In November 2010 a new Flood Map for Surface Water was made available to Lead Local Flood Authorities, Local Resilience Forums and Local Planning Authorities.
Why does flooding from surface water happen and who is responsible for managing it?
Flooding from surface water happens when the local drainage system cannot cope with the rainfall. It is extremely difficult to predict precisely where surface water flooding will happen as it is dependant on ground levels, rainfall, and the local drainage network.
Historically the split in responsibilities between local authorities and water companies has meant that there has not been a common approach to the management of drainage systems in urban areas. This has been addressed in the Flood & Water Management Act (2010) which has given Lead Local Flood Authorities responsibility for the management of local flood risk, which includes surface runoff, groundwater and flooding from ordinary watercourses (smaller rivers and streams).
Under the Flood Risk Regulations (2009) Lead Local Flood Authorities are also responsible for assessing, mapping and planning for local flood risk. Water companies and Lead Local Flood Authorities will need to work in partnership to manage surface water flooding.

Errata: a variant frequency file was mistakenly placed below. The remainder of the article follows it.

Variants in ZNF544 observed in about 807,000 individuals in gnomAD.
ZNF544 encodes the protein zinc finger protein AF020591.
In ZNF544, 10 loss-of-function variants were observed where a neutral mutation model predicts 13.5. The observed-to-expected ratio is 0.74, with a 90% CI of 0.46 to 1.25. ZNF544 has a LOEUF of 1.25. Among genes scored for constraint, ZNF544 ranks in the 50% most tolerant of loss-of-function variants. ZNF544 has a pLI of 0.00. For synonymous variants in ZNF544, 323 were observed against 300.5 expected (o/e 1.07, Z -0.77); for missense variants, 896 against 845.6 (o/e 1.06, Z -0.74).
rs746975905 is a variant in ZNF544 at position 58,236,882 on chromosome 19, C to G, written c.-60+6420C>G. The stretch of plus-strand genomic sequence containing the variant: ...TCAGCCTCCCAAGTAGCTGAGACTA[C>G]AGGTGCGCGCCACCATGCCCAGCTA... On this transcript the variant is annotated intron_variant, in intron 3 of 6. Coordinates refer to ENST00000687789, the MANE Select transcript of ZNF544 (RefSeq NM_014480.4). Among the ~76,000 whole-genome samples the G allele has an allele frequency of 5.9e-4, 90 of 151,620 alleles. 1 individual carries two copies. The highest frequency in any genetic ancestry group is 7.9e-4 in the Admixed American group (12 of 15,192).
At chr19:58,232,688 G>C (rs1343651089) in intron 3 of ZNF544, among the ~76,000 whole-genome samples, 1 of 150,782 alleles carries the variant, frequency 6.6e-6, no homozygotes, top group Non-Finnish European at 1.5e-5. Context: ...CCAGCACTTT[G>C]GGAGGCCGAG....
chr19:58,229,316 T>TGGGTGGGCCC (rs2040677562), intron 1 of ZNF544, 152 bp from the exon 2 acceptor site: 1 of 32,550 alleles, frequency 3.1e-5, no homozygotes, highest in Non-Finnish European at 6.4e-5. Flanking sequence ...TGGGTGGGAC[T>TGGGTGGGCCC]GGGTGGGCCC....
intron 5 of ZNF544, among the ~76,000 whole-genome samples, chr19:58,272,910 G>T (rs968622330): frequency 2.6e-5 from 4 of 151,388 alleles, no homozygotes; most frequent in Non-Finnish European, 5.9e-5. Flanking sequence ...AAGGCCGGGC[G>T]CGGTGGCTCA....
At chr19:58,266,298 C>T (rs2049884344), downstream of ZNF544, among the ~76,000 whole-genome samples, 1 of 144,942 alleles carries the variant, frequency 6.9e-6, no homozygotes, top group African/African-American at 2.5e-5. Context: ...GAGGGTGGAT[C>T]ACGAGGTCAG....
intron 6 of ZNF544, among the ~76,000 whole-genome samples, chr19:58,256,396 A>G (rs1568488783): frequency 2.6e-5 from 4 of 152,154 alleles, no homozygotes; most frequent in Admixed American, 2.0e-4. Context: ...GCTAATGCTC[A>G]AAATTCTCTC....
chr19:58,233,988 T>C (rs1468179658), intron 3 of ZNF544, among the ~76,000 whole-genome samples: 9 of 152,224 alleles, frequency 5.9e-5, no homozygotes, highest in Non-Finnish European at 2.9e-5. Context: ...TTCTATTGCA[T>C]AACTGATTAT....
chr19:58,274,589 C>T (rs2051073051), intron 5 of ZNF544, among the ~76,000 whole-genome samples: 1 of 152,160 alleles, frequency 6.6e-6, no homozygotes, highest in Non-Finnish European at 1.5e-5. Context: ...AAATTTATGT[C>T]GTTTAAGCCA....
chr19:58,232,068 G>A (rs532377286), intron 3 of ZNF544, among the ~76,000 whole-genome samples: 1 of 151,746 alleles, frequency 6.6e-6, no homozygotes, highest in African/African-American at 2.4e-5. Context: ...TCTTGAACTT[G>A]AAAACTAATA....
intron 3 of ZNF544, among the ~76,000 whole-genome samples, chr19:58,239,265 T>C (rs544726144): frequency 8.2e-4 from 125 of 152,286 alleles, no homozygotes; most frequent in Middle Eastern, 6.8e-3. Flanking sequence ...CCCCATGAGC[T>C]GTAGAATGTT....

The Environment Agency has a Strategic Overview role in England and a Strategic Oversight role in Wales for all types of flooding. In fulfilling this role we are working with local authorities to help them develop the knowledge and understanding of the areas at risk of flooding from surface water.
New data is available to our partners
A new Flood Map for Surface Water is now available to Lead Local Flood Authorities, Local Resilience Forums, Regional Resilience Teams and Local Planning Authorities to help them to manage risk, respond to emergencies and assess planning applications.
Since July 2009, the original Areas Susceptible to Surface Water Flooding maps have been available to Local Resilience Forums and Local Planning Authorities. This map was a good starting point in understanding the broad areas where surface water flooding is likely to cause problems.
The new Flood Map for Surface Water is currently the primary national source of information on the risk of surface water flooding as it contains a more realistic representation of the conditions that lead to surface water flooding. However, the original Areas Susceptible to Surface Water Flooding map will still be more appropriate in a few places. As both of the maps are indicative, they should not be used as the sole evidence for assessing risk or for any specific planning decision without further supporting studies or evidence, for example historic surface water records.